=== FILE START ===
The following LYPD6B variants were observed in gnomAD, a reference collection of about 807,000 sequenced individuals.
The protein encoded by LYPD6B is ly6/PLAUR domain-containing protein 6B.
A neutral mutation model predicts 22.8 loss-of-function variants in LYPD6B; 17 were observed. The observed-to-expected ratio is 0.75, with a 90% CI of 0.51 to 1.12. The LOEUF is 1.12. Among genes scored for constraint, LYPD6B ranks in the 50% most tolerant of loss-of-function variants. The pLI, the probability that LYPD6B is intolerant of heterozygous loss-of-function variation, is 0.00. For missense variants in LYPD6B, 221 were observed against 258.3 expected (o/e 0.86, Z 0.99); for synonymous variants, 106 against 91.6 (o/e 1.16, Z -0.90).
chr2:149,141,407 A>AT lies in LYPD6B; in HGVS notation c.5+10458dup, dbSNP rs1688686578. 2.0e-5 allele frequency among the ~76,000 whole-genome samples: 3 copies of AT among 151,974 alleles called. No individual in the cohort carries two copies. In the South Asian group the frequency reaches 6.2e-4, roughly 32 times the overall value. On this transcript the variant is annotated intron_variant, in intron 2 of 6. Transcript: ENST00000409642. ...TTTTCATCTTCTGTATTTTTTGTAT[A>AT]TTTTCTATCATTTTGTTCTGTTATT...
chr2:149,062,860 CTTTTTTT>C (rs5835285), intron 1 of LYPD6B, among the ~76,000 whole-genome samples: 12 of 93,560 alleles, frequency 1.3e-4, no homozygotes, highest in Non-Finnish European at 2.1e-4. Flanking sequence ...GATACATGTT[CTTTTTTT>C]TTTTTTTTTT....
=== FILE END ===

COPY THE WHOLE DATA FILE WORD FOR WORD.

The following LYPD6B variants were observed in gnomAD, a reference collection of about 807,000 sequenced individuals.
The protein encoded by LYPD6B is ly6/PLAUR domain-containing protein 6B.
A neutral mutation model predicts 22.8 loss-of-function variants in LYPD6B; 17 were observed. The observed-to-expected ratio is 0.75, with a 90% CI of 0.51 to 1.12. The LOEUF is 1.12. Among genes scored for constraint, LYPD6B ranks in the 50% most tolerant of loss-of-function variants. The pLI, the probability that LYPD6B is intolerant of heterozygous loss-of-function variation, is 0.00. For missense variants in LYPD6B, 221 were observed against 258.3 expected (o/e 0.86, Z 0.99); for synonymous variants, 106 against 91.6 (o/e 1.16, Z -0.90).
chr2:149,141,407 A>AT lies in LYPD6B; in HGVS notation c.5+10458dup, dbSNP rs1688686578. 2.0e-5 allele frequency among the ~76,000 whole-genome samples: 3 copies of AT among 151,974 alleles called. No individual in the cohort carries two copies. In the South Asian group the frequency reaches 6.2e-4, roughly 32 times the overall value. On this transcript the variant is annotated intron_variant, in intron 2 of 6. Transcript: ENST00000409642. ...TTTTCATCTTCTGTATTTTTTGTAT[A>AT]TTTTCTATCATTTTGTTCTGTTATT...
chr2:149,062,860 CTTTTTTT>C (rs5835285), intron 1 of LYPD6B, among the ~76,000 whole-genome samples: 12 of 93,560 alleles, frequency 1.3e-4, no homozygotes, highest in Non-Finnish European at 2.1e-4. Flanking sequence ...GATACATGTT[CTTTTTTT>C]TTTTTTTTTT....